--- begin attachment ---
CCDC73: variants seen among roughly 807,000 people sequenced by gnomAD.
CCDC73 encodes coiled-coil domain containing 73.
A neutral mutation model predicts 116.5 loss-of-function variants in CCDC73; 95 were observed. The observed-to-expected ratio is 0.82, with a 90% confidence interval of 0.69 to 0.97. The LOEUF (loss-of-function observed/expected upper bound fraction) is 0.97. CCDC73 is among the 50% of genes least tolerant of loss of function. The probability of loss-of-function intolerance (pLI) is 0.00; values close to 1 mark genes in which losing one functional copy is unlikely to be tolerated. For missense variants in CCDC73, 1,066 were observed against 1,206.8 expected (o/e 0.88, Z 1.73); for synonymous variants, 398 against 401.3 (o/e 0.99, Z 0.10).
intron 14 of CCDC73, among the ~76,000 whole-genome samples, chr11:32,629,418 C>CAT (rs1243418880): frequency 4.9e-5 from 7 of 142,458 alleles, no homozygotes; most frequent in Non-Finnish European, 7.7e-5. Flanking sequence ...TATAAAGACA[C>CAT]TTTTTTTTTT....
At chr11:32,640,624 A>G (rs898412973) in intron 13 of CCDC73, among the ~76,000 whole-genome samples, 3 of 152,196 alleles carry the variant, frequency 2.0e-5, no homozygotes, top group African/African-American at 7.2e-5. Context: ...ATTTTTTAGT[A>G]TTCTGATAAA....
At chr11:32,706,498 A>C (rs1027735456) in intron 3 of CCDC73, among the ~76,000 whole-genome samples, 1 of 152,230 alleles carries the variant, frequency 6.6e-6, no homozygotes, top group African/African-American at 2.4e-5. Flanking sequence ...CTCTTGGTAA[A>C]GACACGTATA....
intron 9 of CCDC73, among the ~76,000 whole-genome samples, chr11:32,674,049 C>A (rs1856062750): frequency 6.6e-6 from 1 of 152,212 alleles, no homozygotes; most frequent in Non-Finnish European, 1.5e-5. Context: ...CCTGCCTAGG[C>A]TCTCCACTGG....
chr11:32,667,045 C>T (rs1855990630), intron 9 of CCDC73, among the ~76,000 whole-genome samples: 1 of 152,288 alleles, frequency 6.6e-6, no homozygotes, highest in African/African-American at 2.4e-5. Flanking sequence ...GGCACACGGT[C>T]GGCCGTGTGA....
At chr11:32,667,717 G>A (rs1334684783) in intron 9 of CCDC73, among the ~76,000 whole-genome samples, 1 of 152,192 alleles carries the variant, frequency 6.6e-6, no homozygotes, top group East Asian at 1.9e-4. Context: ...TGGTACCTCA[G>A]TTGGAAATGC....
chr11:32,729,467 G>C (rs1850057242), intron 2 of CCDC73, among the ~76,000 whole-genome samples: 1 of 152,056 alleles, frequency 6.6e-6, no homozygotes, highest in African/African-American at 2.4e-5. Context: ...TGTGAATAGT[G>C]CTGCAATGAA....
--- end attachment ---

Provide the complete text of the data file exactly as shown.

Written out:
CCDC73: variants seen among roughly 807,000 people sequenced by gnomAD.
CCDC73 encodes coiled-coil domain containing 73.
A neutral mutation model predicts 116.5 loss-of-function variants in CCDC73; 95 were observed. The observed-to-expected ratio is 0.82, with a 90% confidence interval of 0.69 to 0.97. The LOEUF (loss-of-function observed/expected upper bound fraction) is 0.97. CCDC73 is among the 50% of genes least tolerant of loss of function. The probability of loss-of-function intolerance (pLI) is 0.00; values close to 1 mark genes in which losing one functional copy is unlikely to be tolerated. For missense variants in CCDC73, 1,066 were observed against 1,206.8 expected (o/e 0.88, Z 1.73); for synonymous variants, 398 against 401.3 (o/e 0.99, Z 0.10).
intron 14 of CCDC73, among the ~76,000 whole-genome samples, chr11:32,629,418 C>CAT (rs1243418880): frequency 4.9e-5 from 7 of 142,458 alleles, no homozygotes; most frequent in Non-Finnish European, 7.7e-5. Flanking sequence ...TATAAAGACA[C>CAT]TTTTTTTTTT....
At chr11:32,640,624 A>G (rs898412973) in intron 13 of CCDC73, among the ~76,000 whole-genome samples, 3 of 152,196 alleles carry the variant, frequency 2.0e-5, no homozygotes, top group African/African-American at 7.2e-5. Context: ...ATTTTTTAGT[A>G]TTCTGATAAA....
At chr11:32,706,498 A>C (rs1027735456) in intron 3 of CCDC73, among the ~76,000 whole-genome samples, 1 of 152,230 alleles carries the variant, frequency 6.6e-6, no homozygotes, top group African/African-American at 2.4e-5. Flanking sequence ...CTCTTGGTAA[A>C]GACACGTATA....
intron 9 of CCDC73, among the ~76,000 whole-genome samples, chr11:32,674,049 C>A (rs1856062750): frequency 6.6e-6 from 1 of 152,212 alleles, no homozygotes; most frequent in Non-Finnish European, 1.5e-5. Context: ...CCTGCCTAGG[C>A]TCTCCACTGG....
chr11:32,667,045 C>T (rs1855990630), intron 9 of CCDC73, among the ~76,000 whole-genome samples: 1 of 152,288 alleles, frequency 6.6e-6, no homozygotes, highest in African/African-American at 2.4e-5. Flanking sequence ...GGCACACGGT[C>T]GGCCGTGTGA....
At chr11:32,667,717 G>A (rs1334684783) in intron 9 of CCDC73, among the ~76,000 whole-genome samples, 1 of 152,192 alleles carries the variant, frequency 6.6e-6, no homozygotes, top group East Asian at 1.9e-4. Context: ...TGGTACCTCA[G>A]TTGGAAATGC....
chr11:32,729,467 G>C (rs1850057242), intron 2 of CCDC73, among the ~76,000 whole-genome samples: 1 of 152,056 alleles, frequency 6.6e-6, no homozygotes, highest in African/African-American at 2.4e-5. Context: ...TGTGAATAGT[G>C]CTGCAATGAA....